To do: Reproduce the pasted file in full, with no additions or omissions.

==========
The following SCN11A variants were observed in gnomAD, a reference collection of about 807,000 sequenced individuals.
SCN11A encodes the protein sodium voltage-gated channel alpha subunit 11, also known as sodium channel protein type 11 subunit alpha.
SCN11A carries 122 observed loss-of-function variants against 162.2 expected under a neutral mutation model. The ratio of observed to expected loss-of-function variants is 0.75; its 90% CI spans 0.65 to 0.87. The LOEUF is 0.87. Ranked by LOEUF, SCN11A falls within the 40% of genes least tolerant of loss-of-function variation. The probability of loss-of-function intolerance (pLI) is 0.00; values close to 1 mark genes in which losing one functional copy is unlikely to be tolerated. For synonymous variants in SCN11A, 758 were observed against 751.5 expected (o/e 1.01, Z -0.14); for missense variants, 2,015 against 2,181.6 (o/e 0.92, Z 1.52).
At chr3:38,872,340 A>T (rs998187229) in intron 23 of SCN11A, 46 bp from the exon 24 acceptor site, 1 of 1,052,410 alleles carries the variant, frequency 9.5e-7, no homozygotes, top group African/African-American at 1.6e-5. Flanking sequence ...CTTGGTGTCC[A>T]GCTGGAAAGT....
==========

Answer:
The following SCN11A variants were observed in gnomAD, a reference collection of about 807,000 sequenced individuals.
SCN11A encodes the protein sodium voltage-gated channel alpha subunit 11, also known as sodium channel protein type 11 subunit alpha.
SCN11A carries 122 observed loss-of-function variants against 162.2 expected under a neutral mutation model. The ratio of observed to expected loss-of-function variants is 0.75; its 90% CI spans 0.65 to 0.87. The LOEUF is 0.87. Ranked by LOEUF, SCN11A falls within the 40% of genes least tolerant of loss-of-function variation. The probability of loss-of-function intolerance (pLI) is 0.00; values close to 1 mark genes in which losing one functional copy is unlikely to be tolerated. For synonymous variants in SCN11A, 758 were observed against 751.5 expected (o/e 1.01, Z -0.14); for missense variants, 2,015 against 2,181.6 (o/e 0.92, Z 1.52).
At chr3:38,872,340 A>T (rs998187229) in intron 23 of SCN11A, 46 bp from the exon 24 acceptor site, 1 of 1,052,410 alleles carries the variant, frequency 9.5e-7, no homozygotes, top group African/African-American at 1.6e-5. Flanking sequence ...CTTGGTGTCC[A>T]GCTGGAAAGT....